There's kind of a global taboo on talking about poop. [You wouldn't know that hanging out at our house, with two boys aged 8 and 5, but it's true.] The reluctance to talk about sewage, latrines, and toilets has put the cause of improving sanitation in the world's poorest countries years behind where it should be.
2008 is the UN's International Year of Sanitation (did you know?), and in Stockholm last month leaders described the challenges ahead in improving sanitation systems for the world's poor. In contrast to clean water provision, sanitation has lagged behind. This year, the number of people without access to clean(ish) water is down to less than a billion (the number was 1.4 billion last year). Half the world's population now has a pipe with improved water coming into their house.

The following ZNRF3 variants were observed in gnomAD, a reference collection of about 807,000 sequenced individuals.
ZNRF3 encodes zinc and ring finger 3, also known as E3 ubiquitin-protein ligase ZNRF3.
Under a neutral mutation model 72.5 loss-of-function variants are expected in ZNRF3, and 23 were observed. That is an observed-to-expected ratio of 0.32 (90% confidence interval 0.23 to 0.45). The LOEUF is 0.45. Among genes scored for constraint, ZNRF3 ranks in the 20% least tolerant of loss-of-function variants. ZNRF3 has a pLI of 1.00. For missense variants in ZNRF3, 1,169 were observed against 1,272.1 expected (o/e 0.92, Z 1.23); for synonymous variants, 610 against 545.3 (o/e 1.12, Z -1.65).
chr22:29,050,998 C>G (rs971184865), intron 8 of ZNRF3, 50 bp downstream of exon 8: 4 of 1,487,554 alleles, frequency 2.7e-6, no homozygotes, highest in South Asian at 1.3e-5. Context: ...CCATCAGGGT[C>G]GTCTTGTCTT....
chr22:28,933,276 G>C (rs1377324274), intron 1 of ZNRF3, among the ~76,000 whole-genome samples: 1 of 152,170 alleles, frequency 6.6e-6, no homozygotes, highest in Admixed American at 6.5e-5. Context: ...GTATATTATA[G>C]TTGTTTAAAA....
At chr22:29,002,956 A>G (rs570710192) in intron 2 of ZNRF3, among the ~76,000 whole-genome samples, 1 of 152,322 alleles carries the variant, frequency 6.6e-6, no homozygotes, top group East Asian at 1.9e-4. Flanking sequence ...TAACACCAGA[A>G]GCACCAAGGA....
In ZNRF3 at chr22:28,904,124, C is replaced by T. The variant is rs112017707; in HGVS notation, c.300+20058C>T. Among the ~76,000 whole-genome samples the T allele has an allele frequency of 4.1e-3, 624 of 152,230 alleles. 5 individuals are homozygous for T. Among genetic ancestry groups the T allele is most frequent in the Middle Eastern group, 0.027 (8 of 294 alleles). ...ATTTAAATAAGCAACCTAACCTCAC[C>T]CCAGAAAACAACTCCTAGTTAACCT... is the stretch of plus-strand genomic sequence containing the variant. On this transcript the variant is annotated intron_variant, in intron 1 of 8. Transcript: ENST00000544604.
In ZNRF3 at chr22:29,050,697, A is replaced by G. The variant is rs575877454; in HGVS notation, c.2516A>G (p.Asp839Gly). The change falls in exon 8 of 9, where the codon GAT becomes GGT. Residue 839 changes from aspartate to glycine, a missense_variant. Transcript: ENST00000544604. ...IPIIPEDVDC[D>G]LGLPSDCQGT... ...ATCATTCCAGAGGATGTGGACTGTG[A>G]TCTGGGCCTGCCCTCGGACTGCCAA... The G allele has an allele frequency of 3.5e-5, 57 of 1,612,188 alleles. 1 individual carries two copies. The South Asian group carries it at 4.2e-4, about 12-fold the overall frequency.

However, 2.5 billion people still lack adequate sanitation systems for their families, resulting in millions of premature deaths every year from diarrhea and other related diseases. Prince Willem-Alexander of the Netherlands reminded the Stockholm gathering that "it is hard for [people with fancy flush toilets] to imagine how unsafe — not to mention embarrassing — it is to relieve oneself in public, in the middle of the street, or for women in rural areas waiting for sunset to find a bush or faraway field, with high risks of physical assault or rape."
Christian ministries like Tearfund have taken up the challenge of providing such systems and in advocating for increased aid funding. You can read their report on the global issue, called "Sanitation Scandal" at their website.
Also, Jeff and Darcy Anderson with Lifewater International maintain a great blog called "When you gotta go". You should go check it out. It's great bathroom reading.